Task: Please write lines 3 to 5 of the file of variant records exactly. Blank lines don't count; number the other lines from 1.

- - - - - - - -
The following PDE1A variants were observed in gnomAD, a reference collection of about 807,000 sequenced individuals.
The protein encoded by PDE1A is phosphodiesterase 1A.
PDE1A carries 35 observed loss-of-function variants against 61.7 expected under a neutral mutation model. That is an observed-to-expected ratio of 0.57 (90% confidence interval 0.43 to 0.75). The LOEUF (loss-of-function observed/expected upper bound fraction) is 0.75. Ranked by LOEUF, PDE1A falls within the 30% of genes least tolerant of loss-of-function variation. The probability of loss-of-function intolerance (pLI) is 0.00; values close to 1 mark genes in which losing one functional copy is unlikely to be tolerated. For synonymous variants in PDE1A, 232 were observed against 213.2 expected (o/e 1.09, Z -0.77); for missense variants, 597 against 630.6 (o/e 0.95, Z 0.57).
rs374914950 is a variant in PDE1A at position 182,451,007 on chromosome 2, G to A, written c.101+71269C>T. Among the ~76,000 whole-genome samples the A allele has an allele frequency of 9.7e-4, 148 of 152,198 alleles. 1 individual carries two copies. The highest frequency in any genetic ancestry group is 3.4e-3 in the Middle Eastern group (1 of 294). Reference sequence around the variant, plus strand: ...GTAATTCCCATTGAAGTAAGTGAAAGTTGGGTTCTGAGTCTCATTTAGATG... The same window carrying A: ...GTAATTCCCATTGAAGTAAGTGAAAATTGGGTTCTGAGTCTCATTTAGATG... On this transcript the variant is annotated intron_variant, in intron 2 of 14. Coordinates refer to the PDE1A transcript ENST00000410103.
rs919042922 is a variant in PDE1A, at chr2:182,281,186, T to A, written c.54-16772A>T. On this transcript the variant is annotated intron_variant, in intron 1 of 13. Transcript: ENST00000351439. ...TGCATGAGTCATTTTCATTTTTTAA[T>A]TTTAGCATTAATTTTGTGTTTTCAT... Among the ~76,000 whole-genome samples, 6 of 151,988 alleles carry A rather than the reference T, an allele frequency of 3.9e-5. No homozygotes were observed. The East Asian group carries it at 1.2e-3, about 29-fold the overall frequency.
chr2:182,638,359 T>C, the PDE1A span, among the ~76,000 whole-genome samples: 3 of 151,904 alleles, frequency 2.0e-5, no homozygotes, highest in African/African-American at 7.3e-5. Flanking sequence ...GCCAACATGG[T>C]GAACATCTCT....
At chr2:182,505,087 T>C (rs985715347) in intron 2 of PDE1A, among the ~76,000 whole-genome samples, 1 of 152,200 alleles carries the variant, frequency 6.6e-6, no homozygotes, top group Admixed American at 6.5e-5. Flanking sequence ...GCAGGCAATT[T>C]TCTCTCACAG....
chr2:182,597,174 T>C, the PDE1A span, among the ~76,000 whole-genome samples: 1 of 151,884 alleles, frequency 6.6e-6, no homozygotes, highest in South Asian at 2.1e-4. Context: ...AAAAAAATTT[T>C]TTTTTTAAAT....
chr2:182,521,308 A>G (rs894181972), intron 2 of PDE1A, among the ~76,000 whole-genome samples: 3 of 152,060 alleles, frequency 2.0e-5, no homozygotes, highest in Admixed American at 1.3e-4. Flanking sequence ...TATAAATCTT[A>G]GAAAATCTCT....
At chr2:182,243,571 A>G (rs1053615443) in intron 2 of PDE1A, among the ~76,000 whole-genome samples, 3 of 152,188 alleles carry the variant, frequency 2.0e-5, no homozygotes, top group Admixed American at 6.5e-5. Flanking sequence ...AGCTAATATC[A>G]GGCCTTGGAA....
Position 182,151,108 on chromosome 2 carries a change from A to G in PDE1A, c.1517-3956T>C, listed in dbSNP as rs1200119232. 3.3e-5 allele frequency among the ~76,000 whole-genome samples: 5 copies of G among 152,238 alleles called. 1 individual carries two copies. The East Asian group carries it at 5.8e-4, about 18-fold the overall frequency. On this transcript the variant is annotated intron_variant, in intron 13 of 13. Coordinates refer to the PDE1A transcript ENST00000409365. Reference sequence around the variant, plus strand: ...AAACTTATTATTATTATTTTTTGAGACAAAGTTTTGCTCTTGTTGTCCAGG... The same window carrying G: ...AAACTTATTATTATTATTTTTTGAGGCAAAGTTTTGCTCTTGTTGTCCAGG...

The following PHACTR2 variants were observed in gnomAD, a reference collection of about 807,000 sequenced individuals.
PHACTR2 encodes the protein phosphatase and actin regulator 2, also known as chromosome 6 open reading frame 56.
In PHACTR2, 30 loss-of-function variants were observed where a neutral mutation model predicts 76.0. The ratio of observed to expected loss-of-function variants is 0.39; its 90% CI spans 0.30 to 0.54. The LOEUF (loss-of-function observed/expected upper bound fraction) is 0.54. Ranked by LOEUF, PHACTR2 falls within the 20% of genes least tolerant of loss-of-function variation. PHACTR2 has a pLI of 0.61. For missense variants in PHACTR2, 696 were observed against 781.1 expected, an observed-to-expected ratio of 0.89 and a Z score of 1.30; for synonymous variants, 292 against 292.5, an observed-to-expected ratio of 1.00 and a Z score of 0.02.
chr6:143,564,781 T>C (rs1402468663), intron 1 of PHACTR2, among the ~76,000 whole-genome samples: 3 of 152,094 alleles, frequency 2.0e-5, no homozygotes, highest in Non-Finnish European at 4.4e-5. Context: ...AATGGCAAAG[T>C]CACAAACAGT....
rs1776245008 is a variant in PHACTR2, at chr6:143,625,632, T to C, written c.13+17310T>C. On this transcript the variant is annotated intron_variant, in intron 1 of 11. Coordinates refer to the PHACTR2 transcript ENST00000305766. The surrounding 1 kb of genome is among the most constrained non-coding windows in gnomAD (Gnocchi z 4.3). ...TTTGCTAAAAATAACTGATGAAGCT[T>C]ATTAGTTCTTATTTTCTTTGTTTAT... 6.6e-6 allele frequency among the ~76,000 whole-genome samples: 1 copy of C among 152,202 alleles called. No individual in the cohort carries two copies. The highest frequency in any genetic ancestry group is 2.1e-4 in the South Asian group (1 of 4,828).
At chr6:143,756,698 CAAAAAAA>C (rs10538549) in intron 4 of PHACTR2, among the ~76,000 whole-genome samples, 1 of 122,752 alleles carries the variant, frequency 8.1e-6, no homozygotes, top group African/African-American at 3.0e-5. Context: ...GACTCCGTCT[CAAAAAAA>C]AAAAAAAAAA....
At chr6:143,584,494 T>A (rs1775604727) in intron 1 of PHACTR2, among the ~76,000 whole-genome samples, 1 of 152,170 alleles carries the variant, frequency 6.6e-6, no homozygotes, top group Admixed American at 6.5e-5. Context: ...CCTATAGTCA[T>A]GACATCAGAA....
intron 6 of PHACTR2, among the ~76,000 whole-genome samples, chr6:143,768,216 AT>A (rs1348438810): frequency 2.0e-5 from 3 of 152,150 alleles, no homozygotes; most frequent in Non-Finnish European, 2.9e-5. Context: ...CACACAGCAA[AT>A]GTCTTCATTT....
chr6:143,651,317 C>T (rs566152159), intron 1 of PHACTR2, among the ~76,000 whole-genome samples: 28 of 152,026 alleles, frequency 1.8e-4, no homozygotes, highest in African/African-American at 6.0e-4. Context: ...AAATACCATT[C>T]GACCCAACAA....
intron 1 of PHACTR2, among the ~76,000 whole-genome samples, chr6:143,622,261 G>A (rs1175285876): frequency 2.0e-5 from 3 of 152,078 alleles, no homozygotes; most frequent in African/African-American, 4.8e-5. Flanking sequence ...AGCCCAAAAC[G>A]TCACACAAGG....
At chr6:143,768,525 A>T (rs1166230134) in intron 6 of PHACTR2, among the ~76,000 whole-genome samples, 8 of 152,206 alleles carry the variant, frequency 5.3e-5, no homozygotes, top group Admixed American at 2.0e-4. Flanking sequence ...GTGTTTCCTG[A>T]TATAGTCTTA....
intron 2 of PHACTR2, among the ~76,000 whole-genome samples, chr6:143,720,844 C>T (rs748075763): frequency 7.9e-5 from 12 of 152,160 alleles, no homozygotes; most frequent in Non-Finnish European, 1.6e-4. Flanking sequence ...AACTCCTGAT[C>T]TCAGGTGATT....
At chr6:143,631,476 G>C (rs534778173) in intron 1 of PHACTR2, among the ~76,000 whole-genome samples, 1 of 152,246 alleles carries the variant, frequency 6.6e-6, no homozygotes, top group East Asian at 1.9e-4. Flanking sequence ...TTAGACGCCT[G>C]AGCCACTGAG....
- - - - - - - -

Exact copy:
PDE1A carries 35 observed loss-of-function variants against 61.7 expected under a neutral mutation model. That is an observed-to-expected ratio of 0.57 (90% confidence interval 0.43 to 0.75). The LOEUF (loss-of-function observed/expected upper bound fraction) is 0.75. Ranked by LOEUF, PDE1A falls within the 30% of genes least tolerant of loss-of-function variation. The probability of loss-of-function intolerance (pLI) is 0.00; values close to 1 mark genes in which losing one functional copy is unlikely to be tolerated. For synonymous variants in PDE1A, 232 were observed against 213.2 expected (o/e 1.09, Z -0.77); for missense variants, 597 against 630.6 (o/e 0.95, Z 0.57).
rs374914950 is a variant in PDE1A at position 182,451,007 on chromosome 2, G to A, written c.101+71269C>T. Among the ~76,000 whole-genome samples the A allele has an allele frequency of 9.7e-4, 148 of 152,198 alleles. 1 individual carries two copies. The highest frequency in any genetic ancestry group is 3.4e-3 in the Middle Eastern group (1 of 294). Reference sequence around the variant, plus strand: ...GTAATTCCCATTGAAGTAAGTGAAAGTTGGGTTCTGAGTCTCATTTAGATG... The same window carrying A: ...GTAATTCCCATTGAAGTAAGTGAAAATTGGGTTCTGAGTCTCATTTAGATG... On this transcript the variant is annotated intron_variant, in intron 2 of 14. Coordinates refer to the PDE1A transcript ENST00000410103.
rs919042922 is a variant in PDE1A, at chr2:182,281,186, T to A, written c.54-16772A>T. On this transcript the variant is annotated intron_variant, in intron 1 of 13. Transcript: ENST00000351439. ...TGCATGAGTCATTTTCATTTTTTAA[T>A]TTTAGCATTAATTTTGTGTTTTCAT... Among the ~76,000 whole-genome samples, 6 of 151,988 alleles carry A rather than the reference T, an allele frequency of 3.9e-5. No homozygotes were observed. The East Asian group carries it at 1.2e-3, about 29-fold the overall frequency.